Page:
Additional OEC and S&T training is offered periodically, such as Avalanche Awareness, Mountain Travel and Rescue, Senior OEC.

 

On the Patrol

· Teams

Once on the patrol, either as a Basic or Auxiliary Patroller, individuals patrol with a team. We have weekday teams (which always need extra people) and weekend teams (every other Saturday AND Sunday each month).

· Time Commitment

It works out that each of us patrols about 4 days a month or one day a week. Of course we can patrol as many days as we wish. If a team member cannot work on his/her duty day he/she is required to find a sub.

· What is a patrol day like?

The patrol day begins about 8:00 am when the patroller has boots on and is ready to get on the lift. The lift opens to the public at 9:00 am. The patrol is required to be there early, to make sure all equipment is ready for the day, to ride the lift to the top, and do a sweep of each run…ski/board down every run making sure it is ready for public use. The lift closes to the public at 4 p.m. Following closing the patrol again sweeps every run making sure that no customers are left on the hill. The day ends around 5:15 and sometimes later, depending on what transpires during the day.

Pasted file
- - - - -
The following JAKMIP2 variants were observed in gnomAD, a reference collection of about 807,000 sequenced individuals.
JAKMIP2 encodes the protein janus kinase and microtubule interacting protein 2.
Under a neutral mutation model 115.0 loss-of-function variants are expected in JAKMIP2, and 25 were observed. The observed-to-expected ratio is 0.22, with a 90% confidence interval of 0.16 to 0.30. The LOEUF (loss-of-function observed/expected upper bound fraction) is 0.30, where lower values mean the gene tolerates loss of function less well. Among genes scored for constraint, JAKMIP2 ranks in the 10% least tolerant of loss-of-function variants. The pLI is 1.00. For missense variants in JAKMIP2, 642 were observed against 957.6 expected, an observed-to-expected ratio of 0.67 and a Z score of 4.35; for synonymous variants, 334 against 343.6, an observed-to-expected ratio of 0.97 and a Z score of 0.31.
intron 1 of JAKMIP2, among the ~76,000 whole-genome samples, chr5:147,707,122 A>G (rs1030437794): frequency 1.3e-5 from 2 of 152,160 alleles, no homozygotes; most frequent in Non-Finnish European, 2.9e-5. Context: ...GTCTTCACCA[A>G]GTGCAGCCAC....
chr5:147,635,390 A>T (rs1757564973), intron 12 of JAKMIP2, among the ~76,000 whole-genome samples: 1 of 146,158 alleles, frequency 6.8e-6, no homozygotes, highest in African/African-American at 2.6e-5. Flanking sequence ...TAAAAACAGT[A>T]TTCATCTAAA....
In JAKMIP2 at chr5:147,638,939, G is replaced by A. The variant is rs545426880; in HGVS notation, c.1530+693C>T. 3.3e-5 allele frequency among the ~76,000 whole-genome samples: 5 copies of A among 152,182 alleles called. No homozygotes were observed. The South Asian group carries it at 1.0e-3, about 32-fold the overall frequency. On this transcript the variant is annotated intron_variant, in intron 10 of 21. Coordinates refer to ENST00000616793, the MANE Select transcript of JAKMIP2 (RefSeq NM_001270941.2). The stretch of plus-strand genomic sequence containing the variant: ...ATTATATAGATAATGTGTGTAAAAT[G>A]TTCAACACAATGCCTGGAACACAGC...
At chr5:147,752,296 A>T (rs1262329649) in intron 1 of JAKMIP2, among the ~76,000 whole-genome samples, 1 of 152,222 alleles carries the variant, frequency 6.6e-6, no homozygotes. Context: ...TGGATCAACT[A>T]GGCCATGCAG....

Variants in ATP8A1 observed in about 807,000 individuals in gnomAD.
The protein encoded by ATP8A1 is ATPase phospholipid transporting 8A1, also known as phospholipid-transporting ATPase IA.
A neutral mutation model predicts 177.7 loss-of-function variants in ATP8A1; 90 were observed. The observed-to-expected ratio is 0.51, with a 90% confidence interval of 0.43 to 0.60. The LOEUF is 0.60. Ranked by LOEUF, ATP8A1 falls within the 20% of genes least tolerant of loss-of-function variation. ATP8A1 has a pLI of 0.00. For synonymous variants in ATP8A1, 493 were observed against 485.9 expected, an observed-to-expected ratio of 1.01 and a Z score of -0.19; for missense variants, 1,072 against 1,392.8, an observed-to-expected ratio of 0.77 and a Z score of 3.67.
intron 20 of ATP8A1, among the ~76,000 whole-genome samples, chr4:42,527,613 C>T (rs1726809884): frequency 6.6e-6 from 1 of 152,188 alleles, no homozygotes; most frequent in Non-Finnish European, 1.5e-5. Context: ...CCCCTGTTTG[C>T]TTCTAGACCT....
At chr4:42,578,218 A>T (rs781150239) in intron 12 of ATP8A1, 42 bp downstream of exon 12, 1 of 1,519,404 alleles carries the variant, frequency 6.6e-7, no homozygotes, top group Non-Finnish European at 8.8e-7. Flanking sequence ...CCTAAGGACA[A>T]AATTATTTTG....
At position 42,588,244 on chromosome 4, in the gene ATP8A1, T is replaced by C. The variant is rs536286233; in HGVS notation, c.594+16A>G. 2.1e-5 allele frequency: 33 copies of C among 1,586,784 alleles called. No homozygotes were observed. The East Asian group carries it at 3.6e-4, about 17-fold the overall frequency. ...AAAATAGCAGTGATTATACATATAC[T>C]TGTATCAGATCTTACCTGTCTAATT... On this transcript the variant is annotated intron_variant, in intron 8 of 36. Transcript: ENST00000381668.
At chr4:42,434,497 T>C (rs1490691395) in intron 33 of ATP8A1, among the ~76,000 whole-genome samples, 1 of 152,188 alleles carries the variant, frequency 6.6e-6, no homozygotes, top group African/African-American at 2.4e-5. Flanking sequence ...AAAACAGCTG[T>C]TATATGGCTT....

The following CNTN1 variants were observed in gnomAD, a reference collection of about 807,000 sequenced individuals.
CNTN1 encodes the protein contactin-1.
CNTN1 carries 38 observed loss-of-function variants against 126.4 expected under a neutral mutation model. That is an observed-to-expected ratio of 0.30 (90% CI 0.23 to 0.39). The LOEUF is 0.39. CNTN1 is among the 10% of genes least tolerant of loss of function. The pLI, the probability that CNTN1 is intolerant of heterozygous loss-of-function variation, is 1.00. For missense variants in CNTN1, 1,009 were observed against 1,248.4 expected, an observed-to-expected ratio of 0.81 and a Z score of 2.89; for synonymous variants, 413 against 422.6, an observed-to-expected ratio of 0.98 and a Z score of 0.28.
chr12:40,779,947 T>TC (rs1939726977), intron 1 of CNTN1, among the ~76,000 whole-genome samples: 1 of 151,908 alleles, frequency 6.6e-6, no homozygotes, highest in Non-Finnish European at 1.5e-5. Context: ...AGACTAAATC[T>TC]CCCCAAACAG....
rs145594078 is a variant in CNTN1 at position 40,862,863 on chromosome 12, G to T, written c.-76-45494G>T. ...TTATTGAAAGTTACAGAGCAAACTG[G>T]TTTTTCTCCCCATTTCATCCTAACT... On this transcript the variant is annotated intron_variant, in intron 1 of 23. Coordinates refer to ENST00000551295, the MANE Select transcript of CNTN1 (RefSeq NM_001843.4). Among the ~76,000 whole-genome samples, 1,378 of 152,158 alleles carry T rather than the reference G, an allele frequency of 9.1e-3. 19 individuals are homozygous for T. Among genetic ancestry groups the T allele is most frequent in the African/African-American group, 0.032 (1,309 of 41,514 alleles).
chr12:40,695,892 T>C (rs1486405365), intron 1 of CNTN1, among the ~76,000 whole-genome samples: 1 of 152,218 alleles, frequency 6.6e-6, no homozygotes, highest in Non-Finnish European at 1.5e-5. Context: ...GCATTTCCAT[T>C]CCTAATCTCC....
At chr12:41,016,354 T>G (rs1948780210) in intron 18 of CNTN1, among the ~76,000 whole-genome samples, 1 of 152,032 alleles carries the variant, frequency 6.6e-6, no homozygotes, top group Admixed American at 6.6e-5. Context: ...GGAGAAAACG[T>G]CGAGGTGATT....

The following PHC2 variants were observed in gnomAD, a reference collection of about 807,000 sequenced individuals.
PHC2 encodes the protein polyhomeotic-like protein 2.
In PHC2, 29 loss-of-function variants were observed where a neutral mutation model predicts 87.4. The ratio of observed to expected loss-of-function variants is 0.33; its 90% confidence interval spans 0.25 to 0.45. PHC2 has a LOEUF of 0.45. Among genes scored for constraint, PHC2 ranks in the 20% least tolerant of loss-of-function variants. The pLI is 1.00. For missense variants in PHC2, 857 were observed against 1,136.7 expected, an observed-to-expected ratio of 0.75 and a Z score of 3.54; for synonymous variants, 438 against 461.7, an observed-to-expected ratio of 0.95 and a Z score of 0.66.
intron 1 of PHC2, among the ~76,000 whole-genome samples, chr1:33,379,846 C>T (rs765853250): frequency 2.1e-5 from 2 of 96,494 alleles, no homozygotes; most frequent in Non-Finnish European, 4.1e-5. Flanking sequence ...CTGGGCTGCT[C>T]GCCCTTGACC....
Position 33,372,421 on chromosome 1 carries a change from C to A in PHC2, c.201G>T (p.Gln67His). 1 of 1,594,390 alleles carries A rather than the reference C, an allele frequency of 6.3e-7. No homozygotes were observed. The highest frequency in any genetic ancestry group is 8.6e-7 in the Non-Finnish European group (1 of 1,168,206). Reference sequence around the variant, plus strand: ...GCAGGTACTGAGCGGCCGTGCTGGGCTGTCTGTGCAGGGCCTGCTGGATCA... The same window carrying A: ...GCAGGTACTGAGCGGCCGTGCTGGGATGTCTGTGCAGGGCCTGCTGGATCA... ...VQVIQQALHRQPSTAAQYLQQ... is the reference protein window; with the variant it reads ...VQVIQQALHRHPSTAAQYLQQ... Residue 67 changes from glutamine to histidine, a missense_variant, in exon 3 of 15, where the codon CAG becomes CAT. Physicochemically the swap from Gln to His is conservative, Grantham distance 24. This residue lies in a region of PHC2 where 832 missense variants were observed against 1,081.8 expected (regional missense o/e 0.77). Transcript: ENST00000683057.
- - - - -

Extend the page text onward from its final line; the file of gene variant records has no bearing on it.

· SWAP

We have an annual ski swap, which generates the funding needed for NSP dues, our toboggans, supplies, training, etc. Each member of Sandia Peak Ski Patrol, including candidates, works a minimum of 6 shifts during any part these 4 days. Our swap requires lots of hours of preparation, set up, work, tear down, etc. It is a "well oiled machine” AND we all have loads of fun at swap too. It only works because so many work so hard for that long weekend.

 

Costs

First Year: The cost for joining our patrol is approximately $190.00. This covers the OEC textbook and workbook, the CPR fees, training materials, and the first year dues to NSP. The candidate also needs to purchase a patrol vest/parka upon becoming an Auxiliary. So the first year...the candidate year...requires a time commitment and some initial cash outlay.

Future Years: Our patrol pays for annual registration dues thereafter but only for patrollers who are in good standing...have patrolled the given number of days the season prior, have worked at swap. Once on the patrol, each member is required to complete an annual OEC refresher course (one full day prior to the area opening), a CPR refresher course, and the annual On-the-Hill. No one will be allowed to patrol without completing these refreshers.

 

Other

· The Student Patrol (ages 15-17) operates the same as the rest of the patrol with these exceptions: student patrollers do not pull toboggans loaded with patients and do not cover the Upper Patrol Room or the Lower Patrol Room without an adult present. The Student Patrol provides great leadership training for kids.

· We also have a Bike Patrol that operates during the summer months. The Bike Patrol is lots of fun and you need not be a mountain bike rider in order to patrol at Sandia Peak in the summer. Help is always appreciated in the Lower Patrol Room. Some of us just love to hike on the mountain, answer questions, and help customers.

 


 

Click the link below to contact Todd Sokol, our recruiting coordinator...